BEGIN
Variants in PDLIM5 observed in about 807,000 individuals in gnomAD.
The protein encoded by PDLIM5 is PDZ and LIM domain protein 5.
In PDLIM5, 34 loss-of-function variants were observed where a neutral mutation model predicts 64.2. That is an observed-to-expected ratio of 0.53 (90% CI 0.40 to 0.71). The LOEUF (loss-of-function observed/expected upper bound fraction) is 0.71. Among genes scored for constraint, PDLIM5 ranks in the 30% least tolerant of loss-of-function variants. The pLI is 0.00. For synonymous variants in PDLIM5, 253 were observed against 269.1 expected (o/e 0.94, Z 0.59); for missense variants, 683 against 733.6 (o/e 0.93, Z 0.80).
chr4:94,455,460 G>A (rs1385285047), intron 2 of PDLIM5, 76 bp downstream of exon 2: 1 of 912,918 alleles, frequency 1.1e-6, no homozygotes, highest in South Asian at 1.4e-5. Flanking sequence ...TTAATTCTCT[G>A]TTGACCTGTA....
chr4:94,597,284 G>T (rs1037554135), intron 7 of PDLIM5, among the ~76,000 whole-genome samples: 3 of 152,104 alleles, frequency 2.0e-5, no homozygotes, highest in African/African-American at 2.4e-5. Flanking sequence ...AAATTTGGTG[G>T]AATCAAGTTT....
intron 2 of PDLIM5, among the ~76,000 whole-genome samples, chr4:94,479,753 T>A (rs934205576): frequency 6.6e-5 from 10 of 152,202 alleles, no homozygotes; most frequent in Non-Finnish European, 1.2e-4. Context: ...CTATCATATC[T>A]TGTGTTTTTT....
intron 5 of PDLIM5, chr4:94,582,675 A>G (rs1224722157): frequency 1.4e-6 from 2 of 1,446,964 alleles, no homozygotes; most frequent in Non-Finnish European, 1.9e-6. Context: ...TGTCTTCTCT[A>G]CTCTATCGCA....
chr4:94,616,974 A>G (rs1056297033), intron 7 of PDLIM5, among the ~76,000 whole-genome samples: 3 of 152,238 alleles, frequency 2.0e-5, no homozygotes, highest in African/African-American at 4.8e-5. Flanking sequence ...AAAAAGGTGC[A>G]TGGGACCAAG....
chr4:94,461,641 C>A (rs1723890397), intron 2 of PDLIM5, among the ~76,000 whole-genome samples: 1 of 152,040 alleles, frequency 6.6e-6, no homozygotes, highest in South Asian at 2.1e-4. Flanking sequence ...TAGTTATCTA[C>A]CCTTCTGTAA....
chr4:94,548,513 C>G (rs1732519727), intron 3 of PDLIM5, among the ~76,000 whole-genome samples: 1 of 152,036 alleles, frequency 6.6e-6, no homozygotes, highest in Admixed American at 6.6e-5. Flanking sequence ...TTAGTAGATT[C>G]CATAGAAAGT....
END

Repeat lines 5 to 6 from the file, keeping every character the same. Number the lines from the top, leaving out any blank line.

chr4:94,597,284 G>T (rs1037554135), intron 7 of PDLIM5, among the ~76,000 whole-genome samples: 3 of 152,104 alleles, frequency 2.0e-5, no homozygotes, highest in African/African-American at 2.4e-5. Flanking sequence ...AAATTTGGTG[G>T]AATCAAGTTT....
intron 2 of PDLIM5, among the ~76,000 whole-genome samples, chr4:94,479,753 T>A (rs934205576): frequency 6.6e-5 from 10 of 152,202 alleles, no homozygotes; most frequent in Non-Finnish European, 1.2e-4. Context: ...CTATCATATC[T>A]TGTGTTTTTT....